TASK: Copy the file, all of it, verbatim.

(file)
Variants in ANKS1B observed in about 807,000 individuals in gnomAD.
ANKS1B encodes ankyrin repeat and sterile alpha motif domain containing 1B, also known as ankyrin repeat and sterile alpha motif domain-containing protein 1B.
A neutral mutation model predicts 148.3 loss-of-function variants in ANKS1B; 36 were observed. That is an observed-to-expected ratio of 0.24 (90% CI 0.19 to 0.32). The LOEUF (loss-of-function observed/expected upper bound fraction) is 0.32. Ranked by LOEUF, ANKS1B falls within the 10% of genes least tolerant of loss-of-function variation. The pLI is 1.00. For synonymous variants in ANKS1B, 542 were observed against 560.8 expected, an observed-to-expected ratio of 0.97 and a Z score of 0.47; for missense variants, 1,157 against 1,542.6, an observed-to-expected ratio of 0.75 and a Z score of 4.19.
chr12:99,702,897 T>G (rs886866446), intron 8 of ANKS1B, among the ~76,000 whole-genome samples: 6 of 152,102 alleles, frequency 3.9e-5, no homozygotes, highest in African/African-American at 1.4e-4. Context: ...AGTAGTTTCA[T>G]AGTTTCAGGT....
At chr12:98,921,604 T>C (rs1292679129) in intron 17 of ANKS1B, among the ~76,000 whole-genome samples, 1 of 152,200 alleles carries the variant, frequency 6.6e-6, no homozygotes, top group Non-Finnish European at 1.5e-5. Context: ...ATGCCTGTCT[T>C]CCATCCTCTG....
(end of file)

Variants in ANKS1B observed in about 807,000 individuals in gnomAD.
ANKS1B encodes ankyrin repeat and sterile alpha motif domain containing 1B, also known as ankyrin repeat and sterile alpha motif domain-containing protein 1B.
A neutral mutation model predicts 148.3 loss-of-function variants in ANKS1B; 36 were observed. That is an observed-to-expected ratio of 0.24 (90% CI 0.19 to 0.32). The LOEUF (loss-of-function observed/expected upper bound fraction) is 0.32. Ranked by LOEUF, ANKS1B falls within the 10% of genes least tolerant of loss-of-function variation. The pLI is 1.00. For synonymous variants in ANKS1B, 542 were observed against 560.8 expected, an observed-to-expected ratio of 0.97 and a Z score of 0.47; for missense variants, 1,157 against 1,542.6, an observed-to-expected ratio of 0.75 and a Z score of 4.19.
chr12:99,702,897 T>G (rs886866446), intron 8 of ANKS1B, among the ~76,000 whole-genome samples: 6 of 152,102 alleles, frequency 3.9e-5, no homozygotes, highest in African/African-American at 1.4e-4. Context: ...AGTAGTTTCA[T>G]AGTTTCAGGT....
At chr12:98,921,604 T>C (rs1292679129) in intron 17 of ANKS1B, among the ~76,000 whole-genome samples, 1 of 152,200 alleles carries the variant, frequency 6.6e-6, no homozygotes, top group Non-Finnish European at 1.5e-5. Context: ...ATGCCTGTCT[T>C]CCATCCTCTG....